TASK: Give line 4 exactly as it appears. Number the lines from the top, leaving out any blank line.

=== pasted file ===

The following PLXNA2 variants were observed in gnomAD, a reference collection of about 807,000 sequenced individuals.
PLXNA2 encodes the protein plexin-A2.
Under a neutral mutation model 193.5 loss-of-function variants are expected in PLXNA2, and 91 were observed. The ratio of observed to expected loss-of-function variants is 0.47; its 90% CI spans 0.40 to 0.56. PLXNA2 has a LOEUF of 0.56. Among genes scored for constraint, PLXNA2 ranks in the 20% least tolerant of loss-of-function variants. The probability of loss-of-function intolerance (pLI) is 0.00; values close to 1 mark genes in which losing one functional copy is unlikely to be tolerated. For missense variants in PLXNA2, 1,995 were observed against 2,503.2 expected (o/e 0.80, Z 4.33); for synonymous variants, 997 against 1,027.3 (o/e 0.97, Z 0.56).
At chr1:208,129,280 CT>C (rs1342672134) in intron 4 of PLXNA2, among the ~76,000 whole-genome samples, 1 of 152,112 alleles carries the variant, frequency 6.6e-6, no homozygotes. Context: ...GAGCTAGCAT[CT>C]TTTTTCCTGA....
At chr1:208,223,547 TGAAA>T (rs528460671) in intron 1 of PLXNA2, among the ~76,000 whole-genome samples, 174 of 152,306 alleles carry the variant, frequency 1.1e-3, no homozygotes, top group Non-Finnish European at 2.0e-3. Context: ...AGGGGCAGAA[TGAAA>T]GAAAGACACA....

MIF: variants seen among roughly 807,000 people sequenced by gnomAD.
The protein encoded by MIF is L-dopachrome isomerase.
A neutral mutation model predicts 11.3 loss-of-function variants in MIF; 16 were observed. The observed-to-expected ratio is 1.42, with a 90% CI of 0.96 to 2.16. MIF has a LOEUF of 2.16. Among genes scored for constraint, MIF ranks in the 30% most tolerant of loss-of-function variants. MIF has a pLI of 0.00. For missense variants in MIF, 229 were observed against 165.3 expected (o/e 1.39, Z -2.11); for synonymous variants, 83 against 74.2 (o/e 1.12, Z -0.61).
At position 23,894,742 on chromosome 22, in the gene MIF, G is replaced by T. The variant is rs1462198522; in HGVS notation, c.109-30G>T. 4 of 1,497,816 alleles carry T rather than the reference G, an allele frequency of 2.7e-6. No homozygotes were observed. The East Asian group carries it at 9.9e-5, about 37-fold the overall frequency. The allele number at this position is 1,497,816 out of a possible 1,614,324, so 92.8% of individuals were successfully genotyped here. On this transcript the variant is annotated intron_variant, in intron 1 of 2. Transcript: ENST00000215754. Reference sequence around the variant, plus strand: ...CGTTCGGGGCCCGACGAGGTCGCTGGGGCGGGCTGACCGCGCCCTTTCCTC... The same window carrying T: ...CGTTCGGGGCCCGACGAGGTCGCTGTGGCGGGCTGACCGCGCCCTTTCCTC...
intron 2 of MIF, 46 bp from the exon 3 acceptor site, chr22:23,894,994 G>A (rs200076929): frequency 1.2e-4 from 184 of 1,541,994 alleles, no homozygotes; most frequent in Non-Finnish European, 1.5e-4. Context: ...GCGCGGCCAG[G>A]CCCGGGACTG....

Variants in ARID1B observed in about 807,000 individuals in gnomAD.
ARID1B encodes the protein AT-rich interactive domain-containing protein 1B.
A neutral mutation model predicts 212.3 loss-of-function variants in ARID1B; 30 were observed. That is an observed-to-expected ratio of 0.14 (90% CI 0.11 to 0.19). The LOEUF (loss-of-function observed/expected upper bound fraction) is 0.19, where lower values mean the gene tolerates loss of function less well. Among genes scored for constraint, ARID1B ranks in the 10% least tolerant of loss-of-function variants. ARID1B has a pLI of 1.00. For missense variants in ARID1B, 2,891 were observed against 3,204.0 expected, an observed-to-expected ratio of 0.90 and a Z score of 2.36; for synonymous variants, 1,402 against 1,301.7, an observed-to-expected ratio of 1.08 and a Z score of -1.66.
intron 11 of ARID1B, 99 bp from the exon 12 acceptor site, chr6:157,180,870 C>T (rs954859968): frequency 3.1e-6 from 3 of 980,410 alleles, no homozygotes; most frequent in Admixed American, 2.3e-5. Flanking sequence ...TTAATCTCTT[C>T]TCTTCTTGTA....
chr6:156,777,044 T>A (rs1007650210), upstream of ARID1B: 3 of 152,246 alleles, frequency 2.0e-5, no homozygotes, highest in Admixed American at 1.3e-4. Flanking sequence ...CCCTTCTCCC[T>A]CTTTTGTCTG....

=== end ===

At chr1:208,129,280 CT>C (rs1342672134) in intron 4 of PLXNA2, among the ~76,000 whole-genome samples, 1 of 152,112 alleles carries the variant, frequency 6.6e-6, no homozygotes. Context: ...GAGCTAGCAT[CT>C]TTTTTCCTGA....